Live long and be positive

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PATIENTS with coronary heart disease who have positive expectations about recovery, expressing beliefs such as “I can still live a long and healthy life,” had greater long-term survival, researchers reported.
Among a cohort of almost 3,000 patients undergoing coronary angiography, those with the highest expectations for outcomes actually had the best outcomes, Dr. John C. Barefoot, and colleagues from Duke University Medical Center in Durham, N.C.
“Patients differ widely in terms of their psychological reactions to major illnesses such as coronary heart disease,” Barefoot’s group explained online in the Archives of Internal Medicine. Related: Should I Have an Angiogram?
To explore the specific potential influence of recovery expectations, rather than overall optimistic personality traits, the investigators enrolled 2,818 patients with clinically significant disease and followed them for about 15 years.
Recovery expectations were assessed on the Expectations for Coping Scale, in which patients agreed or disagreed with statements such as “I doubt that I will ever fully recover from my heart problems” and “My heart condition will have little or no effect on my ability to do work.” Patients were stratified into quartiles according to their expectation scores. After adjustment for multiple variables, the mortality rate in the highest quartile — the most optimistic group — was 32 per 100 versus 46 per 100, respectively, “illustrating a substantial magnitude of this effect even after taking multiple covariates into account,” Barefoot and colleagues observed. “These observations add to a compelling body of evidence that endorsing optimistic expectations for one’s future heart health is associated with clinically important benefits to cardiovascular outcomes,” Dr. Robert Gramling, and Dr. Ronald Epstein, of the University of Rochester in New York, wrote in a commentary accompanying the study.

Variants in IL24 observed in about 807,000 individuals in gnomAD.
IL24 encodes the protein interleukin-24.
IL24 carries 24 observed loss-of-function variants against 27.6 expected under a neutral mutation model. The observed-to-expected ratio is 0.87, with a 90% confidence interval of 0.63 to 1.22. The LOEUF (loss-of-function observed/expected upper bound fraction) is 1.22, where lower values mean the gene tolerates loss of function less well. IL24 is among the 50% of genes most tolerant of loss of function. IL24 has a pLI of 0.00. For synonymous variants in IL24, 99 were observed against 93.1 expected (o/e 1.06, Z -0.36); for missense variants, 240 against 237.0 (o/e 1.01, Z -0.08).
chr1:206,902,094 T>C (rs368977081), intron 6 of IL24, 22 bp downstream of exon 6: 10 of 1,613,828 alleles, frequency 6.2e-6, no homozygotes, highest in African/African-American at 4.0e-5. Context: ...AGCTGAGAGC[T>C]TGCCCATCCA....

“The degrees of evidence observed in these studies suggest that optimism is a powerful ‘drug’ that compares favorably with highly effective medical therapies,” they wrote. Other experts advised caution, however. “Like all observational studies, unmeasured patient characteristics may have contributed to the better outcomes,” observed Dr. Steven E. Nissen, of the Cleveland Clinic.
“Patients with a ‘positive’ attitude may simply be healthier than patients with a negative attitude. In fact, their ‘attitude’ may reflect their health status,” Nissen wrote to MedPage Today and ABC News in an e-mail.